Challenging "The belief that scrupulous attention to detail will bring the dead to life"

concrete artifacts versus intangible cultural heritage at the New South Wales Eveleigh railway workshops

Research output: Chapter in Book/Report/Conference proceedingConference proceeding contribution

Abstract

The Eveleigh railway workshops, which operated between 1887 and 1989, are one of Australia's oldest industrial artefacts. After their operations were terminated, many lobbied the Government to ensure the conservation of Eveleigh's built fabric and machinery collection. Eveleigh was listed on heritage registers and the subject of 9 heritage assessment reports. Mostly these adopted a taxonomic approach informed by positivist assumptions, an empiricist orientation and a technologically-detetministic teleology, which ensured the recognition of Eveleigh's architectural and technological significance and the protection of its buildings and machinery collection. Yet such exaltation of tangible heritage has not extended to the site's social value. On the contrary, the record of the lives of ordinary men and women has not been preserved in situ. Overarching concern for ‘tangible’ industrial remains has been at the expense of their ‘intangible’ social and cultural associations. This paper explains this outcome by referring to two sets of stories. First, it examines the way representations of Eveleigh's technological significance have provided the rationale and funds for conserving its tangible heritage. Second, it uses oral testimonies to identify those intangible associations that defined Eveleigh's cultural landscape. Both sets of stories are then related to the approach that has been taken to Eveleigh's heritage conservation. Through this approach I show how the unique and irreplaceable resources contained in human memories are in danger of being lost as a result of an overarching emphasis on buildings and machines. The redefinition of this cultural landscape since the 1990s has, I argue, been founded on what lain Stuart (1992:140) refers to as the 'object fetishism' that has come to be associated with industrial archaeology and the nostalgia that surrounds steam era technology. Both have supported the imperatives and politics of de-industrialisation, the recolonisation of the industrial landscape and heritage management.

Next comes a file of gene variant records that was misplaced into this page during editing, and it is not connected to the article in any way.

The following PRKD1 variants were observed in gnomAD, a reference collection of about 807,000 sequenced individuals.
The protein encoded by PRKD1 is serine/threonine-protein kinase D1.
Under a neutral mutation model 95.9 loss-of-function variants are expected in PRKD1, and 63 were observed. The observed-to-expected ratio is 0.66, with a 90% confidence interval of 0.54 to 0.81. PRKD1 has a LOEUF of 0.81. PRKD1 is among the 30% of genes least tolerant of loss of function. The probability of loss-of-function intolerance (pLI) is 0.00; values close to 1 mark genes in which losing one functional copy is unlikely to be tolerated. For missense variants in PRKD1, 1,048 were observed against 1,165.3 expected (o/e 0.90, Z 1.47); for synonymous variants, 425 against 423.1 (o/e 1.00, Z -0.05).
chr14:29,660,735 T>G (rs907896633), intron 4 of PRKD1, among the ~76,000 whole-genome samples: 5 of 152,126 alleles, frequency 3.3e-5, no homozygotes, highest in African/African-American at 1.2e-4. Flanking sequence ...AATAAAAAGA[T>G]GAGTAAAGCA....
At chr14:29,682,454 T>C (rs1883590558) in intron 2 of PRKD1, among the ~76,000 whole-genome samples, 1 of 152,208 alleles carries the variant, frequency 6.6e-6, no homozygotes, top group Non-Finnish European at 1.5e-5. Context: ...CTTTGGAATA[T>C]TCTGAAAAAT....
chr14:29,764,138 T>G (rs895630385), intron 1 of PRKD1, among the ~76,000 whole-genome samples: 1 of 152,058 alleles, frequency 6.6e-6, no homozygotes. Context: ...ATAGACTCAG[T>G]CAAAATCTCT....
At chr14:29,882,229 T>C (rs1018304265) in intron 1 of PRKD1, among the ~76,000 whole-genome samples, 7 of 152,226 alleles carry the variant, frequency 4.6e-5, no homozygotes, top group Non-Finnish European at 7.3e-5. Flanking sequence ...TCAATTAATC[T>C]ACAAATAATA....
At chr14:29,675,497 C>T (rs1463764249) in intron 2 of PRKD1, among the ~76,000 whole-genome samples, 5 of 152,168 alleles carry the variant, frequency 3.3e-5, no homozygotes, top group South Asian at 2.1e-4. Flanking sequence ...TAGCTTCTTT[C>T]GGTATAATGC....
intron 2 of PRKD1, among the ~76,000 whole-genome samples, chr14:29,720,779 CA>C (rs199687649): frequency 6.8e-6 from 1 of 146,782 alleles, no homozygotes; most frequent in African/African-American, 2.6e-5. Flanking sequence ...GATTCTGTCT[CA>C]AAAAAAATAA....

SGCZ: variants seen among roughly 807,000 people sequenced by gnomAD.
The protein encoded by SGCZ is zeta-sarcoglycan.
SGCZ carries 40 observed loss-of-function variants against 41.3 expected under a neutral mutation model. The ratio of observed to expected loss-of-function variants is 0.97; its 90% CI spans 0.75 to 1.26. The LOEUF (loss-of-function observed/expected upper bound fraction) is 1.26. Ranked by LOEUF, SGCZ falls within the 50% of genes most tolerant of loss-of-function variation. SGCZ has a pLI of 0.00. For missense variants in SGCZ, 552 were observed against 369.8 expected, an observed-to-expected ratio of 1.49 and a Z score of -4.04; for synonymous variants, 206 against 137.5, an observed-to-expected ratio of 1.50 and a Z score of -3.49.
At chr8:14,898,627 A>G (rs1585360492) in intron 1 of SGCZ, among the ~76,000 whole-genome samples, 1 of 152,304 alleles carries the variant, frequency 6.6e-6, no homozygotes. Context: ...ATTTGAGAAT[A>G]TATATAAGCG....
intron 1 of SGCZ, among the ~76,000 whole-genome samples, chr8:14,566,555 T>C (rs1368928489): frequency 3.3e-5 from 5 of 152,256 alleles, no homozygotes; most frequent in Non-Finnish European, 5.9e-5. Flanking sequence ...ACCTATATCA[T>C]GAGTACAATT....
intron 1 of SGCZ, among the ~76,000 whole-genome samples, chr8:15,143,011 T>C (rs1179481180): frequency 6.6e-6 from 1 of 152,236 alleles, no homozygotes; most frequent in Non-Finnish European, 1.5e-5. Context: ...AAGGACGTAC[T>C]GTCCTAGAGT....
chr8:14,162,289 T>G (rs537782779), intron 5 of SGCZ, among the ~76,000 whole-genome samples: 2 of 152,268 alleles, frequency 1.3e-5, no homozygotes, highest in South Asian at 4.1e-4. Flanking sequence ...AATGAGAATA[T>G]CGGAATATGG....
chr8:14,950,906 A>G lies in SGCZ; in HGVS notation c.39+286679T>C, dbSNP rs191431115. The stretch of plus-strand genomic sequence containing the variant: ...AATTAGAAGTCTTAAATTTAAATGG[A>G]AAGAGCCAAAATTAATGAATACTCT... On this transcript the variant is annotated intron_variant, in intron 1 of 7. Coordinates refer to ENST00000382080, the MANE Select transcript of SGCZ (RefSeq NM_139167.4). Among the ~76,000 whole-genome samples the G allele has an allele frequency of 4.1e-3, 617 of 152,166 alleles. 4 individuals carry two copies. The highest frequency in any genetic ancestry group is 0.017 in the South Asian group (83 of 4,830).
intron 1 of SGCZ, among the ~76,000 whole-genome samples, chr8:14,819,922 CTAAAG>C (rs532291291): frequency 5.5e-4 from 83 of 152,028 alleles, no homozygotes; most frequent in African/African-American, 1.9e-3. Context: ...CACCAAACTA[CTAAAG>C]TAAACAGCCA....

Original languageEnglish
Title of host publicationHeritage of Technology - Gdansk outlook 4
Subtitle of host publicationInternational Conference : proceedings
EditorsEdmund Wittbrodt, Waldemar Affelt
Place of PublicationGdansk, Poland
PublisherGdansk University of Technology
Pages303-310
Number of pages8
Publication statusPublished - 2005
Externally publishedYes
EventHeritage of Technology - Gdansk Outlook (4th : 2005) - Gdańsk, Poland
Duration: 4 May 20057 May 2005

Conference

ConferenceHeritage of Technology - Gdansk Outlook (4th : 2005)
CityGdańsk, Poland
Period4/05/057/05/05

Fingerprint Dive into the research topics of 'Challenging "The belief that scrupulous attention to detail will bring the dead to life": concrete artifacts versus intangible cultural heritage at the New South Wales Eveleigh railway workshops'. Together they form a unique fingerprint.

  • Cite this

    Taksa, L. (2005). Challenging "The belief that scrupulous attention to detail will bring the dead to life": concrete artifacts versus intangible cultural heritage at the New South Wales Eveleigh railway workshops. In E. Wittbrodt, & W. Affelt (Eds.), Heritage of Technology - Gdansk outlook 4: International Conference : proceedings (pp. 303-310). Gdansk, Poland: Gdansk University of Technology.